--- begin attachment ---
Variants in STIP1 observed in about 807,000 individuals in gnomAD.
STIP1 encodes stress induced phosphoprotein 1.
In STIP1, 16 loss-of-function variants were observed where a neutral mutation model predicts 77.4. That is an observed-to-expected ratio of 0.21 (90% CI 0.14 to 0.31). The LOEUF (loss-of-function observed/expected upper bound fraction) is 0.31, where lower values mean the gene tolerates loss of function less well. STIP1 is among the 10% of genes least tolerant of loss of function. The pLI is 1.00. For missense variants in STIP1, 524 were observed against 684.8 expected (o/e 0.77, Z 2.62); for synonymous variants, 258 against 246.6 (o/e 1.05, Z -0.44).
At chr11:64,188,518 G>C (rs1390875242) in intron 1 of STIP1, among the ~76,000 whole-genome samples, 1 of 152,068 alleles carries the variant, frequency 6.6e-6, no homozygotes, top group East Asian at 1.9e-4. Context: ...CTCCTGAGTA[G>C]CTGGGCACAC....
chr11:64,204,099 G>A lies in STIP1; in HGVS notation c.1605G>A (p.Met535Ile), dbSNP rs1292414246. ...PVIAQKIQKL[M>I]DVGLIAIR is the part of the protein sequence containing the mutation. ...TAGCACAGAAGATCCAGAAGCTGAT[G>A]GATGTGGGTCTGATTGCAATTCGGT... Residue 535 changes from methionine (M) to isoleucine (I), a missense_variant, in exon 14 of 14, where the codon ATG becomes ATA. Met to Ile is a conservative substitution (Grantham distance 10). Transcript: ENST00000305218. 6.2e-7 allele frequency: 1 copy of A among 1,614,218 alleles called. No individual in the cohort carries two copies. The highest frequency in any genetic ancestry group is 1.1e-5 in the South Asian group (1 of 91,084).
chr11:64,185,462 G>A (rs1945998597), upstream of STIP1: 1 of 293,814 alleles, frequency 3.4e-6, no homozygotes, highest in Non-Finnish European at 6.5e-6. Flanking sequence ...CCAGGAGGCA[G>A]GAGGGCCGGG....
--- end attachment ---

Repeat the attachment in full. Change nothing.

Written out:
Variants in STIP1 observed in about 807,000 individuals in gnomAD.
STIP1 encodes stress induced phosphoprotein 1.
In STIP1, 16 loss-of-function variants were observed where a neutral mutation model predicts 77.4. That is an observed-to-expected ratio of 0.21 (90% CI 0.14 to 0.31). The LOEUF (loss-of-function observed/expected upper bound fraction) is 0.31, where lower values mean the gene tolerates loss of function less well. STIP1 is among the 10% of genes least tolerant of loss of function. The pLI is 1.00. For missense variants in STIP1, 524 were observed against 684.8 expected (o/e 0.77, Z 2.62); for synonymous variants, 258 against 246.6 (o/e 1.05, Z -0.44).
At chr11:64,188,518 G>C (rs1390875242) in intron 1 of STIP1, among the ~76,000 whole-genome samples, 1 of 152,068 alleles carries the variant, frequency 6.6e-6, no homozygotes, top group East Asian at 1.9e-4. Context: ...CTCCTGAGTA[G>C]CTGGGCACAC....
chr11:64,204,099 G>A lies in STIP1; in HGVS notation c.1605G>A (p.Met535Ile), dbSNP rs1292414246. ...PVIAQKIQKL[M>I]DVGLIAIR is the part of the protein sequence containing the mutation. ...TAGCACAGAAGATCCAGAAGCTGAT[G>A]GATGTGGGTCTGATTGCAATTCGGT... Residue 535 changes from methionine (M) to isoleucine (I), a missense_variant, in exon 14 of 14, where the codon ATG becomes ATA. Met to Ile is a conservative substitution (Grantham distance 10). Transcript: ENST00000305218. 6.2e-7 allele frequency: 1 copy of A among 1,614,218 alleles called. No individual in the cohort carries two copies. The highest frequency in any genetic ancestry group is 1.1e-5 in the South Asian group (1 of 91,084).
chr11:64,185,462 G>A (rs1945998597), upstream of STIP1: 1 of 293,814 alleles, frequency 3.4e-6, no homozygotes, highest in Non-Finnish European at 6.5e-6. Flanking sequence ...CCAGGAGGCA[G>A]GAGGGCCGGG....